Two Artists. Two Sources of Inspiration—Found Objects and Paris

EDITOR’S NOTE:  We officially changed our name from University of Maryland University College (UMUC) to University of Maryland Global Campus (UMGC) on July 1, 2019. News stories posted on the Global Media Center are now using the new UMGC name. However, because the transition to the university’s new name will take several months to complete, you may still see the UMUC name, logo and look on our website and other materials through early 2020.

The latest University of Maryland Global Campus Arts Program exhibition, “Conceptualism to Meaning,” on display through December 1 in the Lower Level Gallery at the College Park Marriott Hotel & Conference Center, features the works of Maryland artist Steven Dobbin who transforms found and discarded objects into thought-provoking works of art.

A mixed-media artist, Dobbin works primarily in lead, copper, and steel with plaster and pigment, but also incorporates wood and other materials in his art. Many of his pieces express movement—often figures walking—while others serve as social commentary. His art is conceptual, contemporary, and continuously developing.

Dobbin’s works have been widely exhibited.  They have been shown at the Helen Lindhurst Fine Arts Gallery at the Roski School of Art and Design at the University of Southern California-Los Angeles, and at the California Heritage Museum and Meyers/Bloom Gallery in Santa Monica, California. His works also have been featured at Silber Art Gallery at Goucher College in Baltimore, the Washington County Museum of Fine Arts in Hagerstown, Maryland, the Causey Contemporary in Brooklyn, New York, and at the Monmouth Museum, Lincroft, New Jersey. In addition, his works are in numerous private and public collections in the United States and the United Kingdom.

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Artist Ruth Channing, active in the Baltimore arts scene since the 1970s, creates works that are highly personal, and many of the pieces on display in “Ruth Channing’s Community in Paint and Print” at the U.S. District Courthouse, Greenbelt, Maryland, are portraits of family and friends that explore deep connections and expressions.

Her art is inspired by the time she spent studying in Paris as well as Baltimore’s vibrant arts community. A consummate artist, Channing experiments with varied methods, materials, and means of expression, working spontaneously to highlight the process of creating visual communication. The paintings and prints in this exhibition show her unique style and invite conversation about her life and experiences.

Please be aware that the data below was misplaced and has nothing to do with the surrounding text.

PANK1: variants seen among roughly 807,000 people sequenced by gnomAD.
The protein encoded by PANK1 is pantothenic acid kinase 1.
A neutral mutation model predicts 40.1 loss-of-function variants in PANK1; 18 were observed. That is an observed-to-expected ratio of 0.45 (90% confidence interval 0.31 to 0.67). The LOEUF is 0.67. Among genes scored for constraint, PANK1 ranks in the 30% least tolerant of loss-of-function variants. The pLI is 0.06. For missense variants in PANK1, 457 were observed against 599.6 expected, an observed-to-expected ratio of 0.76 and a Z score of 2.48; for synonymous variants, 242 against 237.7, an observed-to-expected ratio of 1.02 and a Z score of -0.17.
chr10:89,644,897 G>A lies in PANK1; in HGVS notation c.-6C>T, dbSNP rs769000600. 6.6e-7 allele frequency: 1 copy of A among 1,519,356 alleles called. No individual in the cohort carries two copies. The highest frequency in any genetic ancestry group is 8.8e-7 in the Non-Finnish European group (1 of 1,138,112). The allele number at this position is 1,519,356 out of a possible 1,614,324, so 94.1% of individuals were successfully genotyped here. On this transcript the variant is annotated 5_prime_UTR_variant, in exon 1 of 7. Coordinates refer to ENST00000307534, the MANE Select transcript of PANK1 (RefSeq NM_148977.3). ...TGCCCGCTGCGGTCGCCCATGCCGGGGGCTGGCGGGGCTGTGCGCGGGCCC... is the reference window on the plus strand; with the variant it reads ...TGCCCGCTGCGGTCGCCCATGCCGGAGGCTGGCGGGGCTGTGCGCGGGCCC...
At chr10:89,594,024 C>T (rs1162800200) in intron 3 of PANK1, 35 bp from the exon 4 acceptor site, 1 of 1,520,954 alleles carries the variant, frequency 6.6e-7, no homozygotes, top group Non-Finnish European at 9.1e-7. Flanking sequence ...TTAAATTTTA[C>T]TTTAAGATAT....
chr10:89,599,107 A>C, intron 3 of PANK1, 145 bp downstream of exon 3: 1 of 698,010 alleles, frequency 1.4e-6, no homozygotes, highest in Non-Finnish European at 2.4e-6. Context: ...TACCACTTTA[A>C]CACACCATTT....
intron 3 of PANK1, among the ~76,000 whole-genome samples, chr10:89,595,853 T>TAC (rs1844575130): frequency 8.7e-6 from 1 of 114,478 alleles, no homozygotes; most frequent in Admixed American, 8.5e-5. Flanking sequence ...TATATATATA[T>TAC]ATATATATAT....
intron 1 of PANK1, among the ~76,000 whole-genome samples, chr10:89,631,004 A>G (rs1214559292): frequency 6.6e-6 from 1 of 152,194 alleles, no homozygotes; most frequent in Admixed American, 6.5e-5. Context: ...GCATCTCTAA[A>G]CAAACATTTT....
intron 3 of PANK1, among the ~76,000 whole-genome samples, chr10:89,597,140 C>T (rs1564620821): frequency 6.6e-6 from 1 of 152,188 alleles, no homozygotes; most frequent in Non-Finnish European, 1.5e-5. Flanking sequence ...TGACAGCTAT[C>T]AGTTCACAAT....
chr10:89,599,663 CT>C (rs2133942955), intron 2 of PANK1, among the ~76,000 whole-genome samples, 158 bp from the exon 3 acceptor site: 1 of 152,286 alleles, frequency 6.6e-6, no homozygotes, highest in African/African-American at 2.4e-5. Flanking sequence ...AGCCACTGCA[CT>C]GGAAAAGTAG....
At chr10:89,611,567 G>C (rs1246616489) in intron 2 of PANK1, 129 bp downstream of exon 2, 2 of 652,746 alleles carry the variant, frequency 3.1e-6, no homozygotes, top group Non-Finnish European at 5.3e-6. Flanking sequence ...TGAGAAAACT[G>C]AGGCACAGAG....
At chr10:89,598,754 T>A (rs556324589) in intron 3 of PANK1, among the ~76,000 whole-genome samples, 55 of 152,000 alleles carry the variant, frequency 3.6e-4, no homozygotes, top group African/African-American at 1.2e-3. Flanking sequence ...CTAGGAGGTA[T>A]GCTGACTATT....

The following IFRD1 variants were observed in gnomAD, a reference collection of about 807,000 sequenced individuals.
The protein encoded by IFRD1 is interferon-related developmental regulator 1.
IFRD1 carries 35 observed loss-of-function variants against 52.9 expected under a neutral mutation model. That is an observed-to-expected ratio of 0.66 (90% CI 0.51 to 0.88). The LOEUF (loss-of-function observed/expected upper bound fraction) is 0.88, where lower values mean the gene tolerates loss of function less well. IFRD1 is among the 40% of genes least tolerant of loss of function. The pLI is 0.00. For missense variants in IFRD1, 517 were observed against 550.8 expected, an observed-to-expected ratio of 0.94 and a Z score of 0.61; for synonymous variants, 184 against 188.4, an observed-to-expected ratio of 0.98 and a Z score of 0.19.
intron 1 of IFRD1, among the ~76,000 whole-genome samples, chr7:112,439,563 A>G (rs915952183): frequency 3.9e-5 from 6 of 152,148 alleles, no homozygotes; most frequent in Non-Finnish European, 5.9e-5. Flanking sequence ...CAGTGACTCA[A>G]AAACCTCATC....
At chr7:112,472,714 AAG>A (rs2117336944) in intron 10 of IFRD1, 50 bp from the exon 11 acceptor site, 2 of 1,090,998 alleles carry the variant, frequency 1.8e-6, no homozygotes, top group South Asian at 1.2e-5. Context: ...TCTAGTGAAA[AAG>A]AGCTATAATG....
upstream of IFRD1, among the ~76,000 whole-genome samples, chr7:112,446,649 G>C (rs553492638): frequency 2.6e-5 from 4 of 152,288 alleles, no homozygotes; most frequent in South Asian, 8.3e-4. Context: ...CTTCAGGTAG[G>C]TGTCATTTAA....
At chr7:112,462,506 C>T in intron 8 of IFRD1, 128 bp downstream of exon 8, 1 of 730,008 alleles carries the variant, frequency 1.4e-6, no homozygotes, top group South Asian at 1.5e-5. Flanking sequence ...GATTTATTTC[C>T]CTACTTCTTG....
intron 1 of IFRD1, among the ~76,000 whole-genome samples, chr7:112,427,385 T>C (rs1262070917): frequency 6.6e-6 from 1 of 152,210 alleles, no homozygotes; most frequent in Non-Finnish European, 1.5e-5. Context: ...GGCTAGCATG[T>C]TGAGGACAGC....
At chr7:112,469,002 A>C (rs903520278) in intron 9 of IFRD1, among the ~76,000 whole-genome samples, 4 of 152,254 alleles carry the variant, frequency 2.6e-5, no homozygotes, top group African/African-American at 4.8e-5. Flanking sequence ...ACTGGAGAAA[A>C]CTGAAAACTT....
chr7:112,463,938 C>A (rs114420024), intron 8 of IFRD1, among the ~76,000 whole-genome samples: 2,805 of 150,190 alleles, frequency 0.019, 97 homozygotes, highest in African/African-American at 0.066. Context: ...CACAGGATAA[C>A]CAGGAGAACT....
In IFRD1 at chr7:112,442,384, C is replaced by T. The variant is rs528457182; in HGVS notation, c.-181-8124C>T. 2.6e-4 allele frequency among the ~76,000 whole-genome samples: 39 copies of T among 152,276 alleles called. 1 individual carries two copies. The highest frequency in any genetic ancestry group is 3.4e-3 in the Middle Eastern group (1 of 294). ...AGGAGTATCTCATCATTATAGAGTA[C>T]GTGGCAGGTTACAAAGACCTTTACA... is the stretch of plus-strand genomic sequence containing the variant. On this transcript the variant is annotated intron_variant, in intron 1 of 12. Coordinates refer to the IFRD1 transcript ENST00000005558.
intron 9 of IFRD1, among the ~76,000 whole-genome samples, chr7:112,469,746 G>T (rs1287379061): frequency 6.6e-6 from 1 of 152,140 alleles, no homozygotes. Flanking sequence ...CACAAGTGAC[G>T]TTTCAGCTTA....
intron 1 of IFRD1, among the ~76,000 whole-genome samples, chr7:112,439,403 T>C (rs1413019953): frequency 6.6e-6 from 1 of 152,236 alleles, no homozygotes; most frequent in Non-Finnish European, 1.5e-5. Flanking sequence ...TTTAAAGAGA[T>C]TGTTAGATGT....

UMGC President Javier Miyares and Judge Peter Messitte of the Greenbelt Division of the U.S. District Court for the District of Maryland invite you to explore Channing’s artworks, on display through Oct. 31, and to attend the artist reception, Thursday, Sept. 26 from 5–6:30 p.m.,  at the U.S. District Courthouse, Greenbelt. Space is limited. RSVP and LOCATION HERE.

About the Artist
Channing was born in Boston, Massachusetts, and studied art at Rhode Island School of Design. She intended to be an illustrator but, while at school, she met members of Stanley William Hayter’s Atelier 17, the renowned surrealist print workshop in Paris, and eventually traveled to France to study with Hayter.

Channing fell in love with Parisian life and stayed on for several years, supporting herself by working as a chambermaid. French literature and culture have strong influences on her art. While in Paris, Channing met painter Raoul Middleman; they married in 1971 and returned to Baltimore. Channing also studied briefly with Jacob Lawrence at the Art Students League of New York.

In addition to painting, Channing maintains a printmaking workshop, Ink Spot Press. Located in the Mount Vernon cultural district of Baltimore, Ink Spot Press employs Atelier 17 methods and philosophy.

Her work is in many private collections in the United States and abroad, as well as public collections, including the Southland Art Gallery in Gore, New Zealand, and at UMGC. She is represented by Y:Art Gallery and Unicorn Studio.

About Art at the Courthouse
Since its inception in 1996, the Art at the U.S. District Courthouse program has contributed greatly to our region’s cultural enrichment. The original purpose of the program was to feature works by Maryland artists, but over the years it has expanded to include international art. With exhibitions in quilting, photography, sculpture, and painting, the Art at the U.S. District Courthouse program continues to call attention to the diverse interests and creative talents of artists and the importance of their contributions to society.